Divorce and Dividing Social Security Benefits

dividing-social-security-assets

Dividing pensions and retirement plans can be a very complicated aspect of divorce. The rules that apply to social security benefits do not make things any less complicated.

Pension and retirement plans acquired during the marriage are community property just like any other community property. Pensions and retirement plans usually need to be divided through the use of a Qualified Domestic Relations Order (called a QDRO) or Domestic Relations Order (called a DRO). What about social security benefits? How are those divided?

Here’s the rub: they cannot be divided. Social security benefits are the separate property of the spouse who receives them. The Courts cannot even divide the remaining community property in a way to offset potentially inequitable results that result from this rule.

These potentially inequitable results were very real in the Marriage of Peterson case that was issued recently by the Court of Appeals.

In this case, the Husband had been paying into the social security system during the entirety of the marriage. There was no dispute that community money was being used to pay into the social security system. Similarly, the Wife had been paying into the Los Angeles County Employees Retirement Association (LACERA). As is standard with public employees who contribute to a pension, Wife did not contribute to social security. In any event, under the Windfall Elimination Provision and Government Pension Offset portions of the Social Security Act, the Wife was barred from receiving social security benefits, both individually and as a spouse. The trial court ruled that the social security benefits belonged entirely to the Husband and that the LACERA plan had to be divided equally. Wife appealed, complaining that this was fundamentally unfair.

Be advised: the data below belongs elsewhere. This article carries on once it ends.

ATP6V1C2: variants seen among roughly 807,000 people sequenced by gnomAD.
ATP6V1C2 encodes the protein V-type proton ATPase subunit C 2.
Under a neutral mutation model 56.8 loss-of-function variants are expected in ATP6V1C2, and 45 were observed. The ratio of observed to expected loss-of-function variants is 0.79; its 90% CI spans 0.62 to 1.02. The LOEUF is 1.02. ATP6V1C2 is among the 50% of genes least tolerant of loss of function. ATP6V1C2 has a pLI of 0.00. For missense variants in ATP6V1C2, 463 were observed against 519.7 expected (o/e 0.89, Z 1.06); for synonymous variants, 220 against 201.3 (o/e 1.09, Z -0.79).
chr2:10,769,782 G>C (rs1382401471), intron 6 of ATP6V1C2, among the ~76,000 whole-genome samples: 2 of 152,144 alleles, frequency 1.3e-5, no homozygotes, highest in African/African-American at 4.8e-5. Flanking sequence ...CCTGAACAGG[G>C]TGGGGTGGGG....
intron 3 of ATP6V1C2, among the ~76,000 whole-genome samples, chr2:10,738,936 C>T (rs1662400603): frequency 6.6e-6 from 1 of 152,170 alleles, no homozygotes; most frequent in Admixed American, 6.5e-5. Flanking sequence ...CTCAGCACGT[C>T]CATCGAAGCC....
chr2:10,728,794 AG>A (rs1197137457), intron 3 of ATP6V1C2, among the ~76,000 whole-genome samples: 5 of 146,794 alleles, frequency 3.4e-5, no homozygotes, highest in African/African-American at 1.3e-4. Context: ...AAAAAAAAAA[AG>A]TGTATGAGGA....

The Court of Appeals acknowledged that by only dividing the LACERA plan and allowing husband to keep all of his social security benefits, an unfair result followed. But they acknowledged that was the state of the law and that federal law, particularly the Hisquierdo United States Supreme Court case, was clear on the subject: Social Security Benefits are not only the separate property of the spouse who receives them, but the states cannot offset any inequities that result from being unable to divide social security benefits.

Complex Issues – Required Financial Disclosures in Divorce

It should be noted, however, that although the Court’s hands are tied when it comes to the division of property, this does not mean that the Court can’t consider social security income in awarding spousal or child support. In the Peterson case, Husband would undoubtedly end up in a better financial position once the parties retire. He would be keeping 100% of his social security benefits, while the parties would be splitting equally the LACERA plan. In this case, if Husband is earning more than Wife due to his social security benefits, nothing prevents the Court from awarding spousal or child support based on this difference in income.

If you are considering a divorce from your spouse, a legal separation, have already begun the process, or if you simply have questions regarding what will happen to your retirement upon divorce, please contact us. When situations like these arise, it is important to be represented by competent and experienced legal counsel who will ensure that your rights are protected. Nancy J. Bickford is the only Certified Family Law Specialist (CFLS) in San Diego County who is also a licensed Certified Public Accountant (CPA) with a Master of Business Administration (MBA). Don’t settle for less when determining your rights. Call 858-793-8884 in Del Mar, Carmel Valley, North County or San Diego.

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www.bickfordlaw.com